Statoil said today that a power cable linking the Johan Sverdrup field with dry land will keep the North Sea project’s CO2 emissions to a minimum.
The NKT Victoria vessel last week began laying the cables that will supply Johan Sverdrup with power from shore.
The starting point was the Johan Sverdrup converter station at Haugsneset near Karsto.
By the end of May the vessel will have laid nearly 200 kilometres of power cables out to the field in the North Sea.
Trond Bokn, senior vice president for Johan Sverdrup, said: “We are now laying the very lifeline of the Johan Sverdrup field, which will supply the field with power from shore for more than 50 years.”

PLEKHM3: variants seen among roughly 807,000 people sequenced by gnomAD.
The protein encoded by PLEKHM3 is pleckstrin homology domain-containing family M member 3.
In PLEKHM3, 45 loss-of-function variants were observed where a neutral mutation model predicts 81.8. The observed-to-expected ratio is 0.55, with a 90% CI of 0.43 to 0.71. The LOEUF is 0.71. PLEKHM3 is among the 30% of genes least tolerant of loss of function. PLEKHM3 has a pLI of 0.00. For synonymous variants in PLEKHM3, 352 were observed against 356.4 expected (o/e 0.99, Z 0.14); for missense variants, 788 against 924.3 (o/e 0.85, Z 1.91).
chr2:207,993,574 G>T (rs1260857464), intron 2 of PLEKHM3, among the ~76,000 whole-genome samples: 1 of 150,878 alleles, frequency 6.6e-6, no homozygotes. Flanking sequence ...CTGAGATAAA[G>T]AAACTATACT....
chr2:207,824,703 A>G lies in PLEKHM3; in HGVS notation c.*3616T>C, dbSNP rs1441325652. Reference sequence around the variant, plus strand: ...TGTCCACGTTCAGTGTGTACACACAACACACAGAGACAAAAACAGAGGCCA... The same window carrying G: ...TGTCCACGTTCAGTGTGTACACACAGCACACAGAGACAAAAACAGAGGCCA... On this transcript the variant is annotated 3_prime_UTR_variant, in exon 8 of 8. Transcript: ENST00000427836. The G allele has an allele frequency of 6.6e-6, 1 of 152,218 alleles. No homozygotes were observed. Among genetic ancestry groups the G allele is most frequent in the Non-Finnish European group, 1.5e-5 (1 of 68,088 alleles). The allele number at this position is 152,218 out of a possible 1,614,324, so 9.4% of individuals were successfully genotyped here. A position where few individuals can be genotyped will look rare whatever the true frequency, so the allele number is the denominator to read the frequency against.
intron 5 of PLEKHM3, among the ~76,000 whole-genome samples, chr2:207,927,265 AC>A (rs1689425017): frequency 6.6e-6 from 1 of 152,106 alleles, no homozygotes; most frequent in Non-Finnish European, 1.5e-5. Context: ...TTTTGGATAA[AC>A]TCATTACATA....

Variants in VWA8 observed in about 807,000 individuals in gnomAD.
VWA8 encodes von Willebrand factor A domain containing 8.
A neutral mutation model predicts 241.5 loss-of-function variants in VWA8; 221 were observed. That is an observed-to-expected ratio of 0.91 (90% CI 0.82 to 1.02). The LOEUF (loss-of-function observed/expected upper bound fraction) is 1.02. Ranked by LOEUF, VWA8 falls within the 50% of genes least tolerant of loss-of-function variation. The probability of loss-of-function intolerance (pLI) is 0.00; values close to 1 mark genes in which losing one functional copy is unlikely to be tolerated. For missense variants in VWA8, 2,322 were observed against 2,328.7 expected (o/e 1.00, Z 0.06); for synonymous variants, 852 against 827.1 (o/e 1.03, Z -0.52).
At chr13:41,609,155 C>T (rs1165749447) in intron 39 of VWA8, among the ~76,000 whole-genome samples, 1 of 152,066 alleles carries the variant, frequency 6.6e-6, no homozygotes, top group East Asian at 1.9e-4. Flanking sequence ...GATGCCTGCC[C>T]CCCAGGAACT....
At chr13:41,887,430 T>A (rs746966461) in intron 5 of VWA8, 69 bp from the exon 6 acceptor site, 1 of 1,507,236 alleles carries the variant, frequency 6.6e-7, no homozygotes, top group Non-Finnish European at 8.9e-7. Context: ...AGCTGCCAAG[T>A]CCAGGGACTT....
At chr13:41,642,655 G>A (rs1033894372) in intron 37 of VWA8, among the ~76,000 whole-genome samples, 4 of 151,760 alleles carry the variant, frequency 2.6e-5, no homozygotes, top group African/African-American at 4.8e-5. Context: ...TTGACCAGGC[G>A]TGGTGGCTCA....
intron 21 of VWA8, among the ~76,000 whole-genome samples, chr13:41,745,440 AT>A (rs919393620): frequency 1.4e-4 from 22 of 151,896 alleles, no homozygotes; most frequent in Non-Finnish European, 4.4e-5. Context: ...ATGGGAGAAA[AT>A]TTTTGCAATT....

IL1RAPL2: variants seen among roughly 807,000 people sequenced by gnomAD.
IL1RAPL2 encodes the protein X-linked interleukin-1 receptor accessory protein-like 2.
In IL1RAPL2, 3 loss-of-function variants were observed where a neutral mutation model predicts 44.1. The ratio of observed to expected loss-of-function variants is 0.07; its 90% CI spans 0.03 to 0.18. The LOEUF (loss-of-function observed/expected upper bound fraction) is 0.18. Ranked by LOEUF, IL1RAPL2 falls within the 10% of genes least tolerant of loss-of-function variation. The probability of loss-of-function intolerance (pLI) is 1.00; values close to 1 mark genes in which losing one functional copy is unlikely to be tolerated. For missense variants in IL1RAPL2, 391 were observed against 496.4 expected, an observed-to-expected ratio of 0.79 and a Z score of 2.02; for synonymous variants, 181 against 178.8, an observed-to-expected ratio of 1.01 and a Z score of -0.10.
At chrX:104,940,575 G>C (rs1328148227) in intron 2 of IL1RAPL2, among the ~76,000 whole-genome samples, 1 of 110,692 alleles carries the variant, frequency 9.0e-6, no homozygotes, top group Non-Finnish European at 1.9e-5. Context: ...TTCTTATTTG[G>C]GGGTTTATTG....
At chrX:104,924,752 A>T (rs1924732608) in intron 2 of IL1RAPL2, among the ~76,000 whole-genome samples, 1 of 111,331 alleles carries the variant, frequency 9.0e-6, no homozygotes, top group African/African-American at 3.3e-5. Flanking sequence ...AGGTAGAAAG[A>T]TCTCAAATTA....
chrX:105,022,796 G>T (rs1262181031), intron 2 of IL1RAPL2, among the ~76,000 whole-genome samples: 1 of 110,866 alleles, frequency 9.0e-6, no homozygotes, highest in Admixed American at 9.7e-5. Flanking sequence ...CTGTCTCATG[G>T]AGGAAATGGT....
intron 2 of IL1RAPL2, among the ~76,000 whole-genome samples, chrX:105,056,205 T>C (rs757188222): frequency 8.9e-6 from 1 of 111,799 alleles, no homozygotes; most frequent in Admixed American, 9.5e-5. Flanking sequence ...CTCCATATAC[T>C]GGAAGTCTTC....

The power cables will help make Johan Sverdrup one of the most carbon-efficient oil and gas fields in the world.
Estimated at just 0.5 kg of CO2 per barrel, the emissions from Johan Sverdrup are about 20 times lower than the average on the Norwegian continental shelf, and 30 times lower than the international average.
Mr Bokn said: “The world is facing considerable challenges ensuring access to enough energy while doing so in a more climate-friendly way. Here Johan Sverdrup will play an important role: over the next 50 years, the field’s considerable reserves will be used to produce significant amounts of energy with low CO2 emissions.”